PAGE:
Parents Get a Taste of the Florida State Assessment

Parents of 9th-11th graders take a practice FSA test.


Courtesy of Ms. Hayden

Ms. Asen and Mr. Ramos administer the computer-based test to parents.

Mishka Brice, Editor in Chief

Starting this year, students in the 9th through 11th grades will be taking the new state test, known as the Florida State Assessment or FSA, in reading, writing, and math. The test replaces the previous state test – the FCAT and will determine graduation status. This week, parents were invited on campus to experience what their children will face when they sit for these computer-based exams.

More than 100 parents participated, filling the four computer labs in the 8000 building.

“It’s important for parents to understand the expectations of this exam for their children,” said Assistant Principal Ms. Hayden. “Parents should experience the rigor and test design so they can encourage, reinforce, and practice their skills with their children.”

The exams will begin in March with the writing exam. Students have already practiced for this exam both on paper and on the computer. The exam consists of writing a multi-paragraph essay using texts provided by the state. The essay will be either informational or argumentative. The reading portion, also completely computer-based, will be administered over two days in 90-minute sessions. For the math section, Algebra I, Algebra II and Geometry exams will also be computer-based and in two sessions of 90 minutes each.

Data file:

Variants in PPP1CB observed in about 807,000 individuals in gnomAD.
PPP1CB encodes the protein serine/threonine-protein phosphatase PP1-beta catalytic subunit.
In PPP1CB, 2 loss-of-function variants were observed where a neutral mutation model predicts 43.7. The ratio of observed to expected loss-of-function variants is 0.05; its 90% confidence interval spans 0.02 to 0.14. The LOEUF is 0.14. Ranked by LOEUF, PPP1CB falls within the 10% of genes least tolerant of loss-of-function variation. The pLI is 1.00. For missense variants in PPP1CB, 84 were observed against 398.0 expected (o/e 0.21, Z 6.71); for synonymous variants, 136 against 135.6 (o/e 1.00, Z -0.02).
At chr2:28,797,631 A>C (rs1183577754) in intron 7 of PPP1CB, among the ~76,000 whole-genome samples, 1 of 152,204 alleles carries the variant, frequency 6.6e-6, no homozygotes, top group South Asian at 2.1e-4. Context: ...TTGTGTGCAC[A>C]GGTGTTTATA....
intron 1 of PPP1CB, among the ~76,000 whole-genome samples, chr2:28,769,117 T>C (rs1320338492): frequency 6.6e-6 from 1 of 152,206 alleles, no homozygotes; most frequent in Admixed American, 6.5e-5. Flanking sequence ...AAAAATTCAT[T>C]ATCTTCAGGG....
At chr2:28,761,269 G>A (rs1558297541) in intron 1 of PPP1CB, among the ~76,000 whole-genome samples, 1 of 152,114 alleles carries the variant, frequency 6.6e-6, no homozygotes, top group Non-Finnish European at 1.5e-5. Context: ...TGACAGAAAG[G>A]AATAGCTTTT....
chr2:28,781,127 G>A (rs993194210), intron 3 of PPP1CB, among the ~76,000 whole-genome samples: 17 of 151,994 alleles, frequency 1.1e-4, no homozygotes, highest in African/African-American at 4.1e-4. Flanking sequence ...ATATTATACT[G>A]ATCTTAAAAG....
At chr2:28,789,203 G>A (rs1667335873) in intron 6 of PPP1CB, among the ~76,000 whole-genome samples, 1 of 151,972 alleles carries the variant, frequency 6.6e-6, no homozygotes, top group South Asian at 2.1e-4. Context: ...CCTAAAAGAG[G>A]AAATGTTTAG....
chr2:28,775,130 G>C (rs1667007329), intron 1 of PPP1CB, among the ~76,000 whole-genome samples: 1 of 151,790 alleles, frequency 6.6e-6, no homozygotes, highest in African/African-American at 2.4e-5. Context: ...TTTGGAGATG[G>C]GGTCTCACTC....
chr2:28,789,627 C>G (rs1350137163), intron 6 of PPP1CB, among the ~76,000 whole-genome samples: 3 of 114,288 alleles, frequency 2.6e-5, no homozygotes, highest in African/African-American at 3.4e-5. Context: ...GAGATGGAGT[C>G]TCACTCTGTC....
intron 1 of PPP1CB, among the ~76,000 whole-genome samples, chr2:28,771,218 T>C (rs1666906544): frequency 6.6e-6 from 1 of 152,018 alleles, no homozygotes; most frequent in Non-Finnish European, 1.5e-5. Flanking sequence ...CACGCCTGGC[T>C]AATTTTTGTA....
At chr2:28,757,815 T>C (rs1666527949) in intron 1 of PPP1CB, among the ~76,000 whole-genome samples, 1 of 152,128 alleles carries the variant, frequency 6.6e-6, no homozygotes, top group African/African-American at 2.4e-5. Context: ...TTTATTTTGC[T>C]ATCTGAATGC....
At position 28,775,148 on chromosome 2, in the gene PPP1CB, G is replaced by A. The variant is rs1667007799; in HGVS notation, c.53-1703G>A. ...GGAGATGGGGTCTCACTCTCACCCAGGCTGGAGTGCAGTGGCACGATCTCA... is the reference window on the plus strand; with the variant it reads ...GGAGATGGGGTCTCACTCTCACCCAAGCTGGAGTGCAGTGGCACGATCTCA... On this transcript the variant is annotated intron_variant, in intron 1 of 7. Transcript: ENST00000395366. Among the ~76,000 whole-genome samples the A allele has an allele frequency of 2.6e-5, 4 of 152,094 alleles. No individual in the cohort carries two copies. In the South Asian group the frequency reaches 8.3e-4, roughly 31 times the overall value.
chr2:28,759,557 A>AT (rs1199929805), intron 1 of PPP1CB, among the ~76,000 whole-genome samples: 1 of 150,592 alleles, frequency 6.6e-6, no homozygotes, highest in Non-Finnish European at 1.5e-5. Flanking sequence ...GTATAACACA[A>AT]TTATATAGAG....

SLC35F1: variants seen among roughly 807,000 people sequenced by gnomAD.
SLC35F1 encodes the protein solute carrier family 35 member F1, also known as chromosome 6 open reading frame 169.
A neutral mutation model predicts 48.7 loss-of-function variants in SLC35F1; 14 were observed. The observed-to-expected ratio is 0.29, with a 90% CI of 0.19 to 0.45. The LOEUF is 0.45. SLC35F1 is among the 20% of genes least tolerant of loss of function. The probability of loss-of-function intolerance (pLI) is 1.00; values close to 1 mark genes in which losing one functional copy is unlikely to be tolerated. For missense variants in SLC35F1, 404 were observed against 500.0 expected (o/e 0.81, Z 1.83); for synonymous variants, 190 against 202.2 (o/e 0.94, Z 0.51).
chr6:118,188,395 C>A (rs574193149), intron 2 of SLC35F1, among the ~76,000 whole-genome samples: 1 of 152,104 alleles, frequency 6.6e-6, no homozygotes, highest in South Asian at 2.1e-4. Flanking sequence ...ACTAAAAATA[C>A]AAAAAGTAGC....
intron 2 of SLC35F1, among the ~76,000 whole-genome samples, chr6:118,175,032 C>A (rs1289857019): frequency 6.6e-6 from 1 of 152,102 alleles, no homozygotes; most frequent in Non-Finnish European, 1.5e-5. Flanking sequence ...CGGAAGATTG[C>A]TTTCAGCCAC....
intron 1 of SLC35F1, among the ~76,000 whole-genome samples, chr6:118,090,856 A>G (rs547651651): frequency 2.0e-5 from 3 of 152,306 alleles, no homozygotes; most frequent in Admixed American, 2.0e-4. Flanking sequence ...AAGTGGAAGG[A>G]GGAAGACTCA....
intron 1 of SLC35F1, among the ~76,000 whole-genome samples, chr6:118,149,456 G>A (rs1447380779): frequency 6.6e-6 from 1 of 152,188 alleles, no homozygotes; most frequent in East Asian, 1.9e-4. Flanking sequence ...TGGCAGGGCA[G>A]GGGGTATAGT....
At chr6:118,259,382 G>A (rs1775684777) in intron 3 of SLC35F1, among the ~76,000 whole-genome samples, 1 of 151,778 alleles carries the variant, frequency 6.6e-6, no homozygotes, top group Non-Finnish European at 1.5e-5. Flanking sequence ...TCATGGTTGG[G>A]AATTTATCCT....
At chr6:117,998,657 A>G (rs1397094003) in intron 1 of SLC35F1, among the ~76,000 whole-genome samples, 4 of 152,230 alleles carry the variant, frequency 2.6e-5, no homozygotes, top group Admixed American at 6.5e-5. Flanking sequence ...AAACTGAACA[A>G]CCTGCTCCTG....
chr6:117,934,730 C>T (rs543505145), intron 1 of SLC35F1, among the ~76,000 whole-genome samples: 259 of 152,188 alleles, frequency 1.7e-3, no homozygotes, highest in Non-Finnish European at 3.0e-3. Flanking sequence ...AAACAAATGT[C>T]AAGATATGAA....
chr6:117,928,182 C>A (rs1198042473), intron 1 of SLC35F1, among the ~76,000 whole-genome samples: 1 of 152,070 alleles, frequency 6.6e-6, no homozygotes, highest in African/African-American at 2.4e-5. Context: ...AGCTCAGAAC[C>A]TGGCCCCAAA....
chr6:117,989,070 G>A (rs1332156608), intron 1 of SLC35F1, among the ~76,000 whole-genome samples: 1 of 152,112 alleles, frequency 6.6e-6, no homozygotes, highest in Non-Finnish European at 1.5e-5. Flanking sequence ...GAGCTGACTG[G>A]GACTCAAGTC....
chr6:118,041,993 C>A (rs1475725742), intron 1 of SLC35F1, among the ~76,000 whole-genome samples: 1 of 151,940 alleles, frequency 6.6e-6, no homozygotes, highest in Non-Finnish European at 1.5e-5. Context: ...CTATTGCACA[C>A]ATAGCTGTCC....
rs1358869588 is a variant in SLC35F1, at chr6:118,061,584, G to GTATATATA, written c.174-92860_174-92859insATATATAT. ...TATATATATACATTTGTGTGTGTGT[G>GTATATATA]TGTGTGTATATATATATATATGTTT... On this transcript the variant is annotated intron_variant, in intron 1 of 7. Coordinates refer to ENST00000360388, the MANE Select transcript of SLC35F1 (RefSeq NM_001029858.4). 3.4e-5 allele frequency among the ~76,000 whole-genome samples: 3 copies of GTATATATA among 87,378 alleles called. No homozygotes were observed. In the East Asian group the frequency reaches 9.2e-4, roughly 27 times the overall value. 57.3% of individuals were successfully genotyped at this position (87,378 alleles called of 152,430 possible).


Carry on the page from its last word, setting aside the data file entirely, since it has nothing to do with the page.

“It was extremely beneficial to the parents,” said Ms. Hayden. “My only wish is that more parents could have attended because it’s such important information to discuss as a family.”

After receiving a general overview of the tests’ design and expectations for their children, the parents moved from the Performing Arts Center to the computer labs. After taking a practice reading test, parents were asked for anonymous feedback about the session.  Here are some comments:

  • “What I found most beneficial was taking the test and experiencing what my child will be doing, and also the different websites to help my student prepare.”
  • “The experience of taking a timed test was beneficial. Times have certainly changed and students are far more challenged.”
  • “What I found beneficial was how important it is to know what is going on with your child and his or her education.”
  • “Being able to experience the test for myself gave me the information that I need to help my child be successful.”
  • “Most beneficial was explaining the new FSA standards and differences between the FCAT and the FSA. This will help me better help my son be successful on the test.”